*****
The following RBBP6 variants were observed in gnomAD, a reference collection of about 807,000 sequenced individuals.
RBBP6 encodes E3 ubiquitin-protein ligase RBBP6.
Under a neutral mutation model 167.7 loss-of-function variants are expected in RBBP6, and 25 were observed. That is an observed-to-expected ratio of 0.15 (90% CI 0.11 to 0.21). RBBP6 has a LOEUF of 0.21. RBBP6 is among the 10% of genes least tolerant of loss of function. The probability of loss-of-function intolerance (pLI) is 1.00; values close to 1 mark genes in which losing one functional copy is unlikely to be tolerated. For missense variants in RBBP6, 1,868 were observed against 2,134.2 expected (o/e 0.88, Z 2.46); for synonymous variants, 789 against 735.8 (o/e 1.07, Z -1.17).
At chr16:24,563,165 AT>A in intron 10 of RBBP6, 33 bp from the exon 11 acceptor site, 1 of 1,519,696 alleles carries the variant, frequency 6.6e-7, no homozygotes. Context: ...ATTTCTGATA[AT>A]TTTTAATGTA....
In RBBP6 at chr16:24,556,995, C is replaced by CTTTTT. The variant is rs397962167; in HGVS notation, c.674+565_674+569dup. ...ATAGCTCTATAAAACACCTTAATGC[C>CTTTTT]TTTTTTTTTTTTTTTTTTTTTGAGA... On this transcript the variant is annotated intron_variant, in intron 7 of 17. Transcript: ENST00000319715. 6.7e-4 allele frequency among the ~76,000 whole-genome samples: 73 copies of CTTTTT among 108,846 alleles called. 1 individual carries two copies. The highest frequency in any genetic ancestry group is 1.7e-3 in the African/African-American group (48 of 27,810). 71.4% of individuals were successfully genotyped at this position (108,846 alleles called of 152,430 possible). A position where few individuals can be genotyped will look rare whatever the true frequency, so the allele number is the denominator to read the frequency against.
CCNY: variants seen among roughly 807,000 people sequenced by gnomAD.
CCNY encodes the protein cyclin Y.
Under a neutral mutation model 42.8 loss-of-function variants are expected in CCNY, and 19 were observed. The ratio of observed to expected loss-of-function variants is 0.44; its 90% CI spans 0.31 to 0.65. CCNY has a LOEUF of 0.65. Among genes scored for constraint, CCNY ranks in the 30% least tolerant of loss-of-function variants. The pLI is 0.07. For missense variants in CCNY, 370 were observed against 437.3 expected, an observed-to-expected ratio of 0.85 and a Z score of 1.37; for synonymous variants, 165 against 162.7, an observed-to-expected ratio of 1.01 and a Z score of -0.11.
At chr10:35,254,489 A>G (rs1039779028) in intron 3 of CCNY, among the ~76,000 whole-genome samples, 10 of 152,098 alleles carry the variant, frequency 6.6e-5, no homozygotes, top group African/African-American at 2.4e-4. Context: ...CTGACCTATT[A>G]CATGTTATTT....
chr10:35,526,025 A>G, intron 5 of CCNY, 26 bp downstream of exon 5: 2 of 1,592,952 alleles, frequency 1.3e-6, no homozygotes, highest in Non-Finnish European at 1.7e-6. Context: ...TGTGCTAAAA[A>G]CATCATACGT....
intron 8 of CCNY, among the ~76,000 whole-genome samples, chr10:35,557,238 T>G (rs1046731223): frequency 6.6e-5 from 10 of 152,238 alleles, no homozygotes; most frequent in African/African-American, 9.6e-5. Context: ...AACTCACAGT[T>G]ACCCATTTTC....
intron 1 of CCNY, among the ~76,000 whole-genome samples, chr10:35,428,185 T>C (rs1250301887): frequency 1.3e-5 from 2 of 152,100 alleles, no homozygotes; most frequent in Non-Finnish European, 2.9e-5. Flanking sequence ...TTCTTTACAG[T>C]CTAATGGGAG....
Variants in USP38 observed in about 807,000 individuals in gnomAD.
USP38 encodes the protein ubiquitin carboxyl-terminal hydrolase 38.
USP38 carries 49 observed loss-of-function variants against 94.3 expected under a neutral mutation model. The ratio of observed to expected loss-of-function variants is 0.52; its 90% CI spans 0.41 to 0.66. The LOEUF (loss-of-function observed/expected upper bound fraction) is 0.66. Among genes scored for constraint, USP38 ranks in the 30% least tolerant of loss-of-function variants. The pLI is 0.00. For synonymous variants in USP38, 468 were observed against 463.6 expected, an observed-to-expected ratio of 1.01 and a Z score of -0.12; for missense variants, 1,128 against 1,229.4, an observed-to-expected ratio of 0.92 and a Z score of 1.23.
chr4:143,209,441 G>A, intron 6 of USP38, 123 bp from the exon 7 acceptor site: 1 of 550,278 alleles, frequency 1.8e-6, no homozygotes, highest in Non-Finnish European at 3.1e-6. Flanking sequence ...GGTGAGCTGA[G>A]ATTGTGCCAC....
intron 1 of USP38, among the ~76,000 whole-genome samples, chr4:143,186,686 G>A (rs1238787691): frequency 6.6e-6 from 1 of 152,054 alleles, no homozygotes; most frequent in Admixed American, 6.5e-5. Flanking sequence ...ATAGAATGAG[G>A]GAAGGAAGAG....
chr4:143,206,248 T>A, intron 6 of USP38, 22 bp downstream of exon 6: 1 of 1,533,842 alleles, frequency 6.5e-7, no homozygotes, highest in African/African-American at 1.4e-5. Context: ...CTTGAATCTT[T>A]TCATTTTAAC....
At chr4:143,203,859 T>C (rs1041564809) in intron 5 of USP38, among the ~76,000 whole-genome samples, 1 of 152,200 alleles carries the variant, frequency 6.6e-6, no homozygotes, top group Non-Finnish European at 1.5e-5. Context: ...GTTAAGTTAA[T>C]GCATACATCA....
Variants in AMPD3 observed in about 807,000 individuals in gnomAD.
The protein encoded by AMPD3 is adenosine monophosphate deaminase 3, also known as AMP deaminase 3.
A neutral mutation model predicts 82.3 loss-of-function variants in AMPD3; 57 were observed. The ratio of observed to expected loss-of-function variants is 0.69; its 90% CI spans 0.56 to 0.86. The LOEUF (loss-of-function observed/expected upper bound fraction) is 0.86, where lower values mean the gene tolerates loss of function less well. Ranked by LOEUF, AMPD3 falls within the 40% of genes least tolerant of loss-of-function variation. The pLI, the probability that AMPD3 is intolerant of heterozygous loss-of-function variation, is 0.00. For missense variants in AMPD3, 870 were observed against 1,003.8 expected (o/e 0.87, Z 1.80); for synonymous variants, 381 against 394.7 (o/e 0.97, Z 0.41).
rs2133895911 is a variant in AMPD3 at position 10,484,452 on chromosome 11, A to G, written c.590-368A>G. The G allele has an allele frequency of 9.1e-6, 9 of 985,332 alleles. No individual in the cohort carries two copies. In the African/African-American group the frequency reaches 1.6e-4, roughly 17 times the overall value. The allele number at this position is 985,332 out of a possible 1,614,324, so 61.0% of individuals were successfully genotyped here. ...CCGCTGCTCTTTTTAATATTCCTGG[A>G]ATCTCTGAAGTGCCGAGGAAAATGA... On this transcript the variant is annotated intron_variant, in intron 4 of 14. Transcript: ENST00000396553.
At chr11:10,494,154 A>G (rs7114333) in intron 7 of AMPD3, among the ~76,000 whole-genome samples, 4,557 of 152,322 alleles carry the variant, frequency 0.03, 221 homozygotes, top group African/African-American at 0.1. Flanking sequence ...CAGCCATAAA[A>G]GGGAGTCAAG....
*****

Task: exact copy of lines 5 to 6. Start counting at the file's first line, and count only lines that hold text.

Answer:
In RBBP6 at chr16:24,556,995, C is replaced by CTTTTT. The variant is rs397962167; in HGVS notation, c.674+565_674+569dup. ...ATAGCTCTATAAAACACCTTAATGC[C>CTTTTT]TTTTTTTTTTTTTTTTTTTTTGAGA... On this transcript the variant is annotated intron_variant, in intron 7 of 17. Transcript: ENST00000319715. 6.7e-4 allele frequency among the ~76,000 whole-genome samples: 73 copies of CTTTTT among 108,846 alleles called. 1 individual carries two copies. The highest frequency in any genetic ancestry group is 1.7e-3 in the African/African-American group (48 of 27,810). 71.4% of individuals were successfully genotyped at this position (108,846 alleles called of 152,430 possible). A position where few individuals can be genotyped will look rare whatever the true frequency, so the allele number is the denominator to read the frequency against.
CCNY: variants seen among roughly 807,000 people sequenced by gnomAD.